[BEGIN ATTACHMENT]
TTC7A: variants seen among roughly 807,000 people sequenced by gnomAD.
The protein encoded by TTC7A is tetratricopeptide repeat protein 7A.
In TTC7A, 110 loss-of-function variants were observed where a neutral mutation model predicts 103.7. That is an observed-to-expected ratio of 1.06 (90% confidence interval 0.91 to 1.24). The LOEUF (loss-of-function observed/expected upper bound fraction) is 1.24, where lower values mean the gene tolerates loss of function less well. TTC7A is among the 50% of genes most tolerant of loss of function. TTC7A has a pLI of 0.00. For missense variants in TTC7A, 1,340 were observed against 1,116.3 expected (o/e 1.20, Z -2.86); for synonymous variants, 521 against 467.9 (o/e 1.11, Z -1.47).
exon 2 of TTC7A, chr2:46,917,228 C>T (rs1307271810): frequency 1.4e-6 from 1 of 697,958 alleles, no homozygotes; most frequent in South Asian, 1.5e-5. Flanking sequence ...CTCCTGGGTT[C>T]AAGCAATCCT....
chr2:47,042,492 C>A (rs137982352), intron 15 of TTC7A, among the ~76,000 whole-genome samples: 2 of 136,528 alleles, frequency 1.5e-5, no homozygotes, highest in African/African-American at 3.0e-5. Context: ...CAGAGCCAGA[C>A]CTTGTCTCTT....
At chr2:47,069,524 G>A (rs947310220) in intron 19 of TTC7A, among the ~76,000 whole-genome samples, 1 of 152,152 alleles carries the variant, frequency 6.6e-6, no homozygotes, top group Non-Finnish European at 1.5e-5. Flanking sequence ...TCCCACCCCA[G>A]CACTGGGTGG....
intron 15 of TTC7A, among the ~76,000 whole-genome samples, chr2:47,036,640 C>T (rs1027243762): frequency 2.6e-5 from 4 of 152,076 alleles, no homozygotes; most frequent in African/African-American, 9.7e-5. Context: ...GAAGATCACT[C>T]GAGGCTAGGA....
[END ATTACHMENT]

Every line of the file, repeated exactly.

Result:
TTC7A: variants seen among roughly 807,000 people sequenced by gnomAD.
The protein encoded by TTC7A is tetratricopeptide repeat protein 7A.
In TTC7A, 110 loss-of-function variants were observed where a neutral mutation model predicts 103.7. That is an observed-to-expected ratio of 1.06 (90% confidence interval 0.91 to 1.24). The LOEUF (loss-of-function observed/expected upper bound fraction) is 1.24, where lower values mean the gene tolerates loss of function less well. TTC7A is among the 50% of genes most tolerant of loss of function. TTC7A has a pLI of 0.00. For missense variants in TTC7A, 1,340 were observed against 1,116.3 expected (o/e 1.20, Z -2.86); for synonymous variants, 521 against 467.9 (o/e 1.11, Z -1.47).
exon 2 of TTC7A, chr2:46,917,228 C>T (rs1307271810): frequency 1.4e-6 from 1 of 697,958 alleles, no homozygotes; most frequent in South Asian, 1.5e-5. Flanking sequence ...CTCCTGGGTT[C>T]AAGCAATCCT....
chr2:47,042,492 C>A (rs137982352), intron 15 of TTC7A, among the ~76,000 whole-genome samples: 2 of 136,528 alleles, frequency 1.5e-5, no homozygotes, highest in African/African-American at 3.0e-5. Context: ...CAGAGCCAGA[C>A]CTTGTCTCTT....
At chr2:47,069,524 G>A (rs947310220) in intron 19 of TTC7A, among the ~76,000 whole-genome samples, 1 of 152,152 alleles carries the variant, frequency 6.6e-6, no homozygotes, top group Non-Finnish European at 1.5e-5. Flanking sequence ...TCCCACCCCA[G>A]CACTGGGTGG....
intron 15 of TTC7A, among the ~76,000 whole-genome samples, chr2:47,036,640 C>T (rs1027243762): frequency 2.6e-5 from 4 of 152,076 alleles, no homozygotes; most frequent in African/African-American, 9.7e-5. Context: ...GAAGATCACT[C>T]GAGGCTAGGA....